Students walk out of WILD, host on-campus alternative

Emma Baker | Contributing Reporter

After hip-hop artist Lizzo’s opening set closed at fall WILD Friday night, a group of Washington University students participated in a walkout demonstration to protest comedic rapper Lil Dicky’s headlining performance.

Whistles, quickly followed by chants of “black voices matter,” announced the walkout as students marched across Brookings Quadrangle to Bowles Plaza, where a “Black WILD” (B-WILD) alternative event was held. According to junior Clayton Covington, who helped organize the event, around 200 student participated, and the planning of the alternative WILD was inspired by a pre vious WILD walkout in the spring of 2016.

“I know that our black alumni, in particular, are very proud of us,” Covington wrote in a statement to Student Life.

“I think a large misconception about all of this is that many people think that B-WILD was a novel idea. However, B-WILD is an event that dates back as far as the spring of my first year.”

Senior Taylor Harris, who also helped to organize the event, urged students who didn’t protest Lil Dicky to consider the concert from the perspective of those who did.

“For those who do not understand why we chose to stand against Lil Dicky, I urge you to put yourself in the shoes of a people whose voice has been historically and systematically silenced by those in power. Put yourself in the shoes of a people whose life experiences are constantly invalidated by people who believe that their genuine concerns are nothing more than ‘whining,’” Harris wrote to Student Life. “There is no doubt in my heart that, if you felt like the system was unfair, you’d fight for fair representation, too.”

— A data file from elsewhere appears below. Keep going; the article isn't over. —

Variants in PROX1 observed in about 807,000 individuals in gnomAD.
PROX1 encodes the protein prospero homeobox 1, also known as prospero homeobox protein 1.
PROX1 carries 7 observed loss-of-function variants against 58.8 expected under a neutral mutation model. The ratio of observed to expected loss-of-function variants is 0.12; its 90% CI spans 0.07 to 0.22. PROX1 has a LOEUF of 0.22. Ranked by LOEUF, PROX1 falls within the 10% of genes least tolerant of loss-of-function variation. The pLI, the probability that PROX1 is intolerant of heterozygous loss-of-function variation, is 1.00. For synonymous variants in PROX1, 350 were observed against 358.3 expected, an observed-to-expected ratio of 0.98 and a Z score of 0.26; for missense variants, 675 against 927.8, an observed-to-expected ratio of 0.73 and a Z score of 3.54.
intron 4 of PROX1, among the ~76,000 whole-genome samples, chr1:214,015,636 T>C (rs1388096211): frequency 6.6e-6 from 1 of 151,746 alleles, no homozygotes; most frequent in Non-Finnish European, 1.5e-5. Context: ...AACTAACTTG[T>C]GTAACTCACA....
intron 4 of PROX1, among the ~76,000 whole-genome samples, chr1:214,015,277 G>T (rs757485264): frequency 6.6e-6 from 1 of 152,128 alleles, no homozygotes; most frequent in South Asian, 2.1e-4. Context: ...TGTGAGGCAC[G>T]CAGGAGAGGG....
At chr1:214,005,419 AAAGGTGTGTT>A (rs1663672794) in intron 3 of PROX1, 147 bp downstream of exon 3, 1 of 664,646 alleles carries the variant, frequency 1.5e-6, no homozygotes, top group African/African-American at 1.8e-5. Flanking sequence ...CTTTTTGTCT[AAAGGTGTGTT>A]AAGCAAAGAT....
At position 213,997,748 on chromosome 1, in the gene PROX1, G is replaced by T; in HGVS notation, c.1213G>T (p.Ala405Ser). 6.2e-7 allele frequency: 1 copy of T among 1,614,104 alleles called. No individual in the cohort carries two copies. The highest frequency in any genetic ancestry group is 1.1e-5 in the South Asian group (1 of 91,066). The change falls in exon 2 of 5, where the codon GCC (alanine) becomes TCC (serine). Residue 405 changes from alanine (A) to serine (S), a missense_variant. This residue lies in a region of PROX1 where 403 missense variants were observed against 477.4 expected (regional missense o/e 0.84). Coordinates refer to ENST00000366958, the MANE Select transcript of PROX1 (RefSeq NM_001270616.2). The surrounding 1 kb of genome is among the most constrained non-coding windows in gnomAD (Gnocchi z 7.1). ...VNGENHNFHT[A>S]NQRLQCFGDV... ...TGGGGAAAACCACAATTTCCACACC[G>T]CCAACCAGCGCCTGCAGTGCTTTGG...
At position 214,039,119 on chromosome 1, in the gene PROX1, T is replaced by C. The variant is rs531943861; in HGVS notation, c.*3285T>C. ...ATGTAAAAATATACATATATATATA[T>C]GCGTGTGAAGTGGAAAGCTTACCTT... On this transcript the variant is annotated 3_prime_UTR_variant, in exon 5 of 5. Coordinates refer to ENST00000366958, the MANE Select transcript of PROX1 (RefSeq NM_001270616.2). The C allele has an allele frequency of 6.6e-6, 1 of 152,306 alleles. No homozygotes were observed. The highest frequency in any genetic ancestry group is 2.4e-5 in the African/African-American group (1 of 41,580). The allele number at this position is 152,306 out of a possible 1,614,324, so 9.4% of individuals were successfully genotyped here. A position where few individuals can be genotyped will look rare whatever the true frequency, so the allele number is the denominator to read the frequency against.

A document, shared with students who expressed interest in B-WILD, detailed the security that would be present and explained that the Washington University administration had made efforts to moderate and end the protest before it began.

According to Harris, the protest was successful in making a point to the University.

“I am so incredibly proud of those members of the Wash. U. community who stood in solidarity with the voices that need them the most,” Harris wrote. “The sheer number of allies who stood in support of those of us who felt marginalized and hurt by [Social Programming Board’s] and Wash. U.’s decision to host a problematic, racially and sexually insensitive artist should be a wake-up call to the University and its constituents.”

SPB president and junior Noah Truwit declined to comment on the walkout demonstration.